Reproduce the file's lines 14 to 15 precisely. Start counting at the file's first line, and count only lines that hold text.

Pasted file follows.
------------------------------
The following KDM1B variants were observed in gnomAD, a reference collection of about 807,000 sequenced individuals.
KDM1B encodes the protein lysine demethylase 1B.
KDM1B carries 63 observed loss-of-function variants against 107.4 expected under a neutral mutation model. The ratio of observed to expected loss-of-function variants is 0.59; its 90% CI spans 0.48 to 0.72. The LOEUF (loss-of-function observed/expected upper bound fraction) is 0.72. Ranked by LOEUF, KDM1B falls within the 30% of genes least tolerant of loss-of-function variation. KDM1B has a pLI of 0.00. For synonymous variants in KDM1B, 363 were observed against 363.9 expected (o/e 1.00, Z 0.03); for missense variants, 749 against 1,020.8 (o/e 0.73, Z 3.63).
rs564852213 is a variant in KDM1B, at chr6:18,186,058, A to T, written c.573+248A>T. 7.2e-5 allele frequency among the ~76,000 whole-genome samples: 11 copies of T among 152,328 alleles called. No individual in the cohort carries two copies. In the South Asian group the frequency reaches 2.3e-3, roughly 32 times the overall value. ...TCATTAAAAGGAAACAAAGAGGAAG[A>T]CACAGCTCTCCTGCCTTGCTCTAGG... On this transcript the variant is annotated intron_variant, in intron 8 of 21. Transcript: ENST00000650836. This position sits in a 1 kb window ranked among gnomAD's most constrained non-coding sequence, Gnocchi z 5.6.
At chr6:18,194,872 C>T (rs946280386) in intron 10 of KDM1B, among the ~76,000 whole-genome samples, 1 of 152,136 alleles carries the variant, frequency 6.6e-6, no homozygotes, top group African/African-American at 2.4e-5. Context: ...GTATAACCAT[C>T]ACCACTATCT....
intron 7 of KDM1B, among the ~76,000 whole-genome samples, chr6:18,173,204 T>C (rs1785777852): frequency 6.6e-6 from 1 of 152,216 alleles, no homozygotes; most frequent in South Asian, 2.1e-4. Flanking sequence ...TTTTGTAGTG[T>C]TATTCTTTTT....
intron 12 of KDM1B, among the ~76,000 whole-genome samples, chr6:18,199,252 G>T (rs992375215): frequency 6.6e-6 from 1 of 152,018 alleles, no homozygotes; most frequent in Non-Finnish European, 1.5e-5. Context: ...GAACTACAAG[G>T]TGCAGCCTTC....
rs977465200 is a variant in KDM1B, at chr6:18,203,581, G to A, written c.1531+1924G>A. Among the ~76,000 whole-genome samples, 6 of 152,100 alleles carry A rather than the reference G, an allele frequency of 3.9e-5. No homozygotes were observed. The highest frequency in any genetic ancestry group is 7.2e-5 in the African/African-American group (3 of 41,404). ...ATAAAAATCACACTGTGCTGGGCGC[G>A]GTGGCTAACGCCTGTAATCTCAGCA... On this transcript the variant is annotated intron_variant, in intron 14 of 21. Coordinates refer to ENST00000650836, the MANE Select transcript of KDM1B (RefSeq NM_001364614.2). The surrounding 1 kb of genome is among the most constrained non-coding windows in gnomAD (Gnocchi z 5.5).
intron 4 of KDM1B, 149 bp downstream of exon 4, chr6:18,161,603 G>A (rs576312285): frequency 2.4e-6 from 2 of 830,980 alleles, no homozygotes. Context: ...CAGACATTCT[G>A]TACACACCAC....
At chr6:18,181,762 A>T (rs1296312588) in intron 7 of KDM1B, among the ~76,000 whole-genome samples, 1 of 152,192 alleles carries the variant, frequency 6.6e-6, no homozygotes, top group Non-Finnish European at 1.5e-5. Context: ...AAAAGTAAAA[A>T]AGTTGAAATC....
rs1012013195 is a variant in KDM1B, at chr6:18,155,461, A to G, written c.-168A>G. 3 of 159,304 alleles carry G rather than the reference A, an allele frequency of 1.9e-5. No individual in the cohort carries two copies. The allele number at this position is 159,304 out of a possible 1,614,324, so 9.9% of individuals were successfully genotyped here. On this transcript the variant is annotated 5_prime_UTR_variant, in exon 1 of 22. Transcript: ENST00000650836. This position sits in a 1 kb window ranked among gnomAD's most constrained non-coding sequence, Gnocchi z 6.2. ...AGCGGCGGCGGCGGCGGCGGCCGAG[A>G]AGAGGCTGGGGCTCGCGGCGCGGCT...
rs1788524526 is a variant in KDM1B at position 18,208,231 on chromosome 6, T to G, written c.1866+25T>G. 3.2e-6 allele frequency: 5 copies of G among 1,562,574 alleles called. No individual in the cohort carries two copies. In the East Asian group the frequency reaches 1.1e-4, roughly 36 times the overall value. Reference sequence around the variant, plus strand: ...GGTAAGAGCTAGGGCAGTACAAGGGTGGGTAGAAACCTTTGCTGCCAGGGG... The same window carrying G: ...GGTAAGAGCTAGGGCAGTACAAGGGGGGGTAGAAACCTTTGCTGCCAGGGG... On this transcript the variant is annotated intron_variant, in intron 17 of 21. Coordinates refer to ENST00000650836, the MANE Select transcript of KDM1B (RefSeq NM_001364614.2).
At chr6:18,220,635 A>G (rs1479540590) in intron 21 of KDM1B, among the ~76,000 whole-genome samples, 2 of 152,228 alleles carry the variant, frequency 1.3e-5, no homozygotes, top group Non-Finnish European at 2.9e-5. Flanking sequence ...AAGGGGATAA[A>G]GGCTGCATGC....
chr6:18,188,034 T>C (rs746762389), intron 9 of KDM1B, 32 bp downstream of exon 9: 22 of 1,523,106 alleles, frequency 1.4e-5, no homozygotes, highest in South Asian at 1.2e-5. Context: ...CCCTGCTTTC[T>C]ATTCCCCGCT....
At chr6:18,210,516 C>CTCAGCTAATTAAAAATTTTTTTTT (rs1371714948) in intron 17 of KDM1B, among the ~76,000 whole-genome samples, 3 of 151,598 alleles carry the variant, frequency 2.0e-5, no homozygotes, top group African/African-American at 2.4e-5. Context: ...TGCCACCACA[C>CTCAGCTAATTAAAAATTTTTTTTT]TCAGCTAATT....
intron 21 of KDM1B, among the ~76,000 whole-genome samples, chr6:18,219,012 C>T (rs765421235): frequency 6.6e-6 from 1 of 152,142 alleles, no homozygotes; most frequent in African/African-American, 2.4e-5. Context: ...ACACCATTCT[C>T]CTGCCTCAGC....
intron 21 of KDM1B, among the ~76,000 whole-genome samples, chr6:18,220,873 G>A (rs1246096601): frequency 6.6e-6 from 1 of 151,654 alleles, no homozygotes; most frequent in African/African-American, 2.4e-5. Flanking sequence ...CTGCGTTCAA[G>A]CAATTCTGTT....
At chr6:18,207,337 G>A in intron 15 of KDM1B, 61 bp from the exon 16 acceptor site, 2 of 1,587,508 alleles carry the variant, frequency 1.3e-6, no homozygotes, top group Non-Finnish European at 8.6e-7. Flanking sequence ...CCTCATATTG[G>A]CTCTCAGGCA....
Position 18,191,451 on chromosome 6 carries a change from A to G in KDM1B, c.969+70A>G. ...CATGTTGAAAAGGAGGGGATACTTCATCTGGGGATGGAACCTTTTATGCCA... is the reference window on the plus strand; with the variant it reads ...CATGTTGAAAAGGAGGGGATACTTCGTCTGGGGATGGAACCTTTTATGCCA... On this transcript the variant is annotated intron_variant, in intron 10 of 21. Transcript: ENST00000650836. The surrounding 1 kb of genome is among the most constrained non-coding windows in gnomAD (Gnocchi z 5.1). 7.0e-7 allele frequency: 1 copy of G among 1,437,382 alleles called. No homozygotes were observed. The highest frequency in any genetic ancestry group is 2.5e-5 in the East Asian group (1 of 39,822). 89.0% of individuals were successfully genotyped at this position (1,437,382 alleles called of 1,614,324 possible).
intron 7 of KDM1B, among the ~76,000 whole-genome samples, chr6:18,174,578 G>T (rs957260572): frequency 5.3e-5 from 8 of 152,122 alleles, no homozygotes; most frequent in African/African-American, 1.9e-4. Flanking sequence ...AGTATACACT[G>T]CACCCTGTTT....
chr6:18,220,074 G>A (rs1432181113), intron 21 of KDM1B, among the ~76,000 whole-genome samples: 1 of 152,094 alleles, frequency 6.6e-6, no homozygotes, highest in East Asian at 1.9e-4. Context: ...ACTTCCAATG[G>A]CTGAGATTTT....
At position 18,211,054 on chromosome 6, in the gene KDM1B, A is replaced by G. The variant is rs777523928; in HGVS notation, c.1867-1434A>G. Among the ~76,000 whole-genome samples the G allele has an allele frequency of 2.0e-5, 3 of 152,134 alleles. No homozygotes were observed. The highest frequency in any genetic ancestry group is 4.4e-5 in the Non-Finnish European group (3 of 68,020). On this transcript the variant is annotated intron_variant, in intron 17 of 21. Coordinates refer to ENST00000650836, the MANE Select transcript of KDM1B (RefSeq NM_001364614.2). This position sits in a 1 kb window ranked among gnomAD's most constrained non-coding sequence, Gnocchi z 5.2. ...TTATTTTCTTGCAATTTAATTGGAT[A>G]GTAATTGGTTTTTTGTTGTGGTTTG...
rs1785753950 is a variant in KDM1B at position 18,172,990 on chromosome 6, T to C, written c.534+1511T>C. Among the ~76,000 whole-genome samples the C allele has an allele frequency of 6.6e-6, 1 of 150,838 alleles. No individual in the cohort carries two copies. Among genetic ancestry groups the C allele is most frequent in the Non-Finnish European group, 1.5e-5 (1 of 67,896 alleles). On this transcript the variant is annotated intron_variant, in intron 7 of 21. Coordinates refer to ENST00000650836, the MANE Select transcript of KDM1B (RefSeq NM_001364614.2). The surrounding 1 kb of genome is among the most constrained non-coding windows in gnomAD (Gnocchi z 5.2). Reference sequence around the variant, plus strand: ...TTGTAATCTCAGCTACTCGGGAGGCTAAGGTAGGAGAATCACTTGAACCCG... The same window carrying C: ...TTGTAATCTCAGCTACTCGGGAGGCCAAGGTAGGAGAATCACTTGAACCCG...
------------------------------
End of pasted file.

chr6:18,188,034 T>C (rs746762389), intron 9 of KDM1B, 32 bp downstream of exon 9: 22 of 1,523,106 alleles, frequency 1.4e-5, no homozygotes, highest in South Asian at 1.2e-5. Context: ...CCCTGCTTTC[T>C]ATTCCCCGCT....
At chr6:18,210,516 C>CTCAGCTAATTAAAAATTTTTTTTT (rs1371714948) in intron 17 of KDM1B, among the ~76,000 whole-genome samples, 3 of 151,598 alleles carry the variant, frequency 2.0e-5, no homozygotes, top group African/African-American at 2.4e-5. Context: ...TGCCACCACA[C>CTCAGCTAATTAAAAATTTTTTTTT]TCAGCTAATT....